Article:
Any underground wiring, drainage, tile fields, utility lines, etc., incorrectly located or not located by owner or their representative and subsequently damaged by Johnston & Associates Land and Water Creations Inc. crews will be fixed at an additional cost to the client.
There is no guarantee on herbaceous perennials or groundcovers (e.g. pachysandra, ivy or vinca) and no guarantee on transplanted plants.
PLANTING NOTES AND SPECIFICATIONS
It's a well known fact that most accidents occur in and around the home and although your garden is an ideal place to unwind, it calls for the same level of attention as the inside of your home, if accidents are to be avoided.
Here are our tips for avoiding accidents and injuries while working in your garden:
How safe is your garden? Poisonous plants.
A number of garden plants are poisonous if eaten, whilst others may cause skin irritation if handled.
Small children in particular are often attracted by brightly coloured berries, leaves and petals and may pick them or pop them in their mouths. Often this causes only mild symptoms, however some plants are capable of causing severe poisoning, so it's well worth taking steps to protect your child.
Familiarize yourself with the plants and trees in your garden and identify those which may be harmful to your child.
If you cannot identify a plant or tree, take a sample to your local garden centre for identification.
If you identify poisonous plants or trees, ensure you keep young children away and educate older children about the potential risks.
Consider removing highly toxic plants such as foxgloves, deadly nightshade, rhubarb, and mistletoe altogether.
Teach your children never to put the leaves, berries or flowers of unknown plants in their mouth.
If you child has eaten any part of a poisonous plant call your doctor immediately or, in severe cases call an ambulance or take your child straight to A&E, along with any leaves, seeds or berries.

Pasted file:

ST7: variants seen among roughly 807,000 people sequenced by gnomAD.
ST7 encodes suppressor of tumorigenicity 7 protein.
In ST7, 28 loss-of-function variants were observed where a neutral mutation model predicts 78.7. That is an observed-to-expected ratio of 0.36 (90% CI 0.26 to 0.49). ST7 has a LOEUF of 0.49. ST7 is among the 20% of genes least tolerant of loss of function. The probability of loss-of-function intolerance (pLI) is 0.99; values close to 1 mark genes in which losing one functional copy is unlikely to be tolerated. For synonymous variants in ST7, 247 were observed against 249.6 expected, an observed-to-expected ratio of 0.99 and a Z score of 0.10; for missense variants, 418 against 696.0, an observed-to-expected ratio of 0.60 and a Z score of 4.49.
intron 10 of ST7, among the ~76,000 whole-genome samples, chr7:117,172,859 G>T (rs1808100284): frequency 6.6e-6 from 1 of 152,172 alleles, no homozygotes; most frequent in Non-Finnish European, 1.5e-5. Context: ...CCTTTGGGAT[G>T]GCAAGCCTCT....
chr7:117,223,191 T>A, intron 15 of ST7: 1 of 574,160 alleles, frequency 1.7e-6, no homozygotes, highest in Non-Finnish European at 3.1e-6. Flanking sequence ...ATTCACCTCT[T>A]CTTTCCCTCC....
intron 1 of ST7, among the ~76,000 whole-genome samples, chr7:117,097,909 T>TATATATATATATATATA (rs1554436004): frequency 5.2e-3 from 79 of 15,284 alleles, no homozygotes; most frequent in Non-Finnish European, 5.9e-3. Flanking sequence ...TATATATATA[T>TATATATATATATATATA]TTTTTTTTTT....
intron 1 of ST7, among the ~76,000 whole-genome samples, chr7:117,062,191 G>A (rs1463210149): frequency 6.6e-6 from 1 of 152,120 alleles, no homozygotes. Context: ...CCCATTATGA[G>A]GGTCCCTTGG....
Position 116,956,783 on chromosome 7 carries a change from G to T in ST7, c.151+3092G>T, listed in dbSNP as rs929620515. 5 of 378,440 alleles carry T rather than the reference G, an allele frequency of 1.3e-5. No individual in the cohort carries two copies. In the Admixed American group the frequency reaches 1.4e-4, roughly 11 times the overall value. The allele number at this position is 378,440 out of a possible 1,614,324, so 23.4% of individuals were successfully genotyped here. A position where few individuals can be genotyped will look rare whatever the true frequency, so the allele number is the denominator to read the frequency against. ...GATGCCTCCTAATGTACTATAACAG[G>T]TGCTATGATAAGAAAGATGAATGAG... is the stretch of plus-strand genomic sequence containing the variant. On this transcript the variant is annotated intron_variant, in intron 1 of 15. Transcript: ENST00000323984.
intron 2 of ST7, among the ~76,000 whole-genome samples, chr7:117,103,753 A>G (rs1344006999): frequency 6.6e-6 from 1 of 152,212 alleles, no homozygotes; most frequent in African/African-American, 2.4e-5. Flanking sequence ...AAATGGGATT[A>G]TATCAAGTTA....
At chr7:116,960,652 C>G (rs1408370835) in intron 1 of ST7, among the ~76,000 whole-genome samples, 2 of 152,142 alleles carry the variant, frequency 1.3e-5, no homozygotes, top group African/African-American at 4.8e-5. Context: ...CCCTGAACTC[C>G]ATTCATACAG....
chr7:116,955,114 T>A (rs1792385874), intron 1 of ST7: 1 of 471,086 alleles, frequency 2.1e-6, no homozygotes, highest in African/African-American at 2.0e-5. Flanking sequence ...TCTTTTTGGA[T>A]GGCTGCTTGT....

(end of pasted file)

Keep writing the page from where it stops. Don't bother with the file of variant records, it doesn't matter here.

Enroll in a first-aid course so that you can deal with any emergency situations which may arise.
Children can drown in less than 4 cm of water, so it is vital that children who are swimming or playing near water in your garden should be supervised by an adult.
Very young children are most at risk but even older children who can swim can get into difficulties, so it is important to follow some common-sense guidelines.
Empty paddling-pools and turn them upside down after use.
If you have a swimming pool, it should ideally be fenced off with a self-closing, spring-lock gate. The gate should also be locked, unless an adult is present to supervise.
Your swimming pool should have clear signs, indicating the deep and shallow ends of the pool.
All pool chemicals should be stored out of the reach of children.
A plastic reaching pole, buoyancy aid with throwing line and first-aid kit should be kept close to the pool.
Children with armbands, rubber rings and other buoyancy aids should never be left unattended in the pool - even for a few minutes!
Teach your children basic water safety rules and ensure they learn to swim as early as possible.
Garden ponds should be securely fenced off or even filled-in, to avoid the danger of small children falling in and drowning.
Johnston & Associates Plant Guarantee - Terms and Conditions
Caring For Your New Plants